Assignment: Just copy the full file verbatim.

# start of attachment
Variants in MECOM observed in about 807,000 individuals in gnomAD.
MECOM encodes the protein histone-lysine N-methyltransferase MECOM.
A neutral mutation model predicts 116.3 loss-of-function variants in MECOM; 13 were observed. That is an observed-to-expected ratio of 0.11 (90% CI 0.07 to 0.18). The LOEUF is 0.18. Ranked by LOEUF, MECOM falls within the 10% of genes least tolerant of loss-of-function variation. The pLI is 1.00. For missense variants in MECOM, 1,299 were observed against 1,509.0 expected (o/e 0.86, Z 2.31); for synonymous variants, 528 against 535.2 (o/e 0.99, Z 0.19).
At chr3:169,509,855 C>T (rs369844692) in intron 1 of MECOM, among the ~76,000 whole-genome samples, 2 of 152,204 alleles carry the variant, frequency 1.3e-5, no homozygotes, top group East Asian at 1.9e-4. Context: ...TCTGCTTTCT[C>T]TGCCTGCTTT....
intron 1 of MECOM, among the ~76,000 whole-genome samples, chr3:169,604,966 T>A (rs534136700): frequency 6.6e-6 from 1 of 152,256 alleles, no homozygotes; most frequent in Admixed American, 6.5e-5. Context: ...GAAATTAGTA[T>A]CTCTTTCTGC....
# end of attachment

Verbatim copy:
Variants in MECOM observed in about 807,000 individuals in gnomAD.
MECOM encodes the protein histone-lysine N-methyltransferase MECOM.
A neutral mutation model predicts 116.3 loss-of-function variants in MECOM; 13 were observed. That is an observed-to-expected ratio of 0.11 (90% CI 0.07 to 0.18). The LOEUF is 0.18. Ranked by LOEUF, MECOM falls within the 10% of genes least tolerant of loss-of-function variation. The pLI is 1.00. For missense variants in MECOM, 1,299 were observed against 1,509.0 expected (o/e 0.86, Z 2.31); for synonymous variants, 528 against 535.2 (o/e 0.99, Z 0.19).
At chr3:169,509,855 C>T (rs369844692) in intron 1 of MECOM, among the ~76,000 whole-genome samples, 2 of 152,204 alleles carry the variant, frequency 1.3e-5, no homozygotes, top group East Asian at 1.9e-4. Context: ...TCTGCTTTCT[C>T]TGCCTGCTTT....
intron 1 of MECOM, among the ~76,000 whole-genome samples, chr3:169,604,966 T>A (rs534136700): frequency 6.6e-6 from 1 of 152,256 alleles, no homozygotes; most frequent in Admixed American, 6.5e-5. Context: ...GAAATTAGTA[T>A]CTCTTTCTGC....